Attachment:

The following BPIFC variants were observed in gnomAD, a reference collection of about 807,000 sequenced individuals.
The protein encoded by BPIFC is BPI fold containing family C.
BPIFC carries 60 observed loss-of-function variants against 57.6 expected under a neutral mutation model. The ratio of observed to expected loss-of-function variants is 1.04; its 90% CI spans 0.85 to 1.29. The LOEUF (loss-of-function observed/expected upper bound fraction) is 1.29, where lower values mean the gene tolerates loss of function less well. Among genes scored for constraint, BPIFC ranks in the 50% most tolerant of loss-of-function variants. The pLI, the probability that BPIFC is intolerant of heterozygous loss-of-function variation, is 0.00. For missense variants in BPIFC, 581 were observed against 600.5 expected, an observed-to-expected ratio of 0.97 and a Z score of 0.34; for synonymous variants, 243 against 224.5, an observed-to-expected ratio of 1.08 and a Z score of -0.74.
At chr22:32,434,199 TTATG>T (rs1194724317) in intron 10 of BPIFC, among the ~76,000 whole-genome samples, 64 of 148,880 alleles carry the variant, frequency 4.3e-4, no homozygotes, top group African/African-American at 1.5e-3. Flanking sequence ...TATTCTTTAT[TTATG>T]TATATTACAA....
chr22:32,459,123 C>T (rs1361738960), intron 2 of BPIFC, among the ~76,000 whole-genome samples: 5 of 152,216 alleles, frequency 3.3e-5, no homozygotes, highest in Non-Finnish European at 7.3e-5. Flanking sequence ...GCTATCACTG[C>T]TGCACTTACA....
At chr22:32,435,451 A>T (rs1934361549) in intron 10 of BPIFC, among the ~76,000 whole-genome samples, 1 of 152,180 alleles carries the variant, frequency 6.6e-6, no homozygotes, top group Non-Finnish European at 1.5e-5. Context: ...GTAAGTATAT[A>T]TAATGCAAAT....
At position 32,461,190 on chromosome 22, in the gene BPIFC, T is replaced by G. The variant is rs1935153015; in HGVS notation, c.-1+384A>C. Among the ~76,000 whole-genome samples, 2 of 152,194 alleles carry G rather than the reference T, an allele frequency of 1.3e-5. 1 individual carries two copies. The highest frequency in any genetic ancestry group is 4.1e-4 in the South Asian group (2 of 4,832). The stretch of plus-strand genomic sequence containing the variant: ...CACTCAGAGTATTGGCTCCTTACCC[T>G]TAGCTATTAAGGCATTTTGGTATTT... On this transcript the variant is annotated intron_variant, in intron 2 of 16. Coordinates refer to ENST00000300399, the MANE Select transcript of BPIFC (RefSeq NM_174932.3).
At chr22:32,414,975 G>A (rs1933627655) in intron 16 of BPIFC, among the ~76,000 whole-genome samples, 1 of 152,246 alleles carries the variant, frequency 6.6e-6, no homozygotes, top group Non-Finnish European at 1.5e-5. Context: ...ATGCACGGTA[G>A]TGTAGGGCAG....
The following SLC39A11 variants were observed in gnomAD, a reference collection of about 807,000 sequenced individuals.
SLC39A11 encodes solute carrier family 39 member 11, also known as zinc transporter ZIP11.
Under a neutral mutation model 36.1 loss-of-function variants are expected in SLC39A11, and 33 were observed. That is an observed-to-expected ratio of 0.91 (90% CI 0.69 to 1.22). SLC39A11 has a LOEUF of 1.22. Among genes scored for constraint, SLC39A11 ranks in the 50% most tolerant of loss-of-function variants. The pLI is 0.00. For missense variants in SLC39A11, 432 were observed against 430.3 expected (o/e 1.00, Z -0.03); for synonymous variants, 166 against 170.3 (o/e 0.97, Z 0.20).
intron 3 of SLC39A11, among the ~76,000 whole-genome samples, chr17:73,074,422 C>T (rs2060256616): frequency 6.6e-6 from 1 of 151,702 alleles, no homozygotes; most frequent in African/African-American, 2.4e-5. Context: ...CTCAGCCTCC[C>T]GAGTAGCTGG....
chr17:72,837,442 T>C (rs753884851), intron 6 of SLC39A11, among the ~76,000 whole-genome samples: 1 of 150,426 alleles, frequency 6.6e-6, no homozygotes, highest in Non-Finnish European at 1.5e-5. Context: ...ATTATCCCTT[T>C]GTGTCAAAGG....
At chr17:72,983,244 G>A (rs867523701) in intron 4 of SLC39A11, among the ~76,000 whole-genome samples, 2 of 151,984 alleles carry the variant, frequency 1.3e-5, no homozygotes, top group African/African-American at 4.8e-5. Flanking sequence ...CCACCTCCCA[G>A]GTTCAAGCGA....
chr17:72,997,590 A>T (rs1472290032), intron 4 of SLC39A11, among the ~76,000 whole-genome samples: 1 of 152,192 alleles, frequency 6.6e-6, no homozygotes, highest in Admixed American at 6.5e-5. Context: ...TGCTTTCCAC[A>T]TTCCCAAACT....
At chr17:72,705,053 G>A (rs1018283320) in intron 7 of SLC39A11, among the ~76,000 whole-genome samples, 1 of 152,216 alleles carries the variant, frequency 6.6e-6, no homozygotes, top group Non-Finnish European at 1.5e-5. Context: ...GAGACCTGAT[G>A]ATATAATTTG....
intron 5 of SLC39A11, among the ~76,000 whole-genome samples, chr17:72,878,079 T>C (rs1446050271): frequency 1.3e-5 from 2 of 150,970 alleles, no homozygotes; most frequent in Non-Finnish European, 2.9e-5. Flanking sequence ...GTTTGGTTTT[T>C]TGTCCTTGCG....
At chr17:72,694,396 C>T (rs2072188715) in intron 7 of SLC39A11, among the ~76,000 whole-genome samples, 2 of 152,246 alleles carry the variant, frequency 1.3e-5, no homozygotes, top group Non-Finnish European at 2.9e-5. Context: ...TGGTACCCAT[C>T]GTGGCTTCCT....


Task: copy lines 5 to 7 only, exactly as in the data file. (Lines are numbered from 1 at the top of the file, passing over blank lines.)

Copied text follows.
chr22:32,459,123 C>T (rs1361738960), intron 2 of BPIFC, among the ~76,000 whole-genome samples: 5 of 152,216 alleles, frequency 3.3e-5, no homozygotes, highest in Non-Finnish European at 7.3e-5. Flanking sequence ...GCTATCACTG[C>T]TGCACTTACA....
At chr22:32,435,451 A>T (rs1934361549) in intron 10 of BPIFC, among the ~76,000 whole-genome samples, 1 of 152,180 alleles carries the variant, frequency 6.6e-6, no homozygotes, top group Non-Finnish European at 1.5e-5. Context: ...GTAAGTATAT[A>T]TAATGCAAAT....
At position 32,461,190 on chromosome 22, in the gene BPIFC, T is replaced by G. The variant is rs1935153015; in HGVS notation, c.-1+384A>C. Among the ~76,000 whole-genome samples, 2 of 152,194 alleles carry G rather than the reference T, an allele frequency of 1.3e-5. 1 individual carries two copies. The highest frequency in any genetic ancestry group is 4.1e-4 in the South Asian group (2 of 4,832). The stretch of plus-strand genomic sequence containing the variant: ...CACTCAGAGTATTGGCTCCTTACCC[T>G]TAGCTATTAAGGCATTTTGGTATTT... On this transcript the variant is annotated intron_variant, in intron 2 of 16. Coordinates refer to ENST00000300399, the MANE Select transcript of BPIFC (RefSeq NM_174932.3).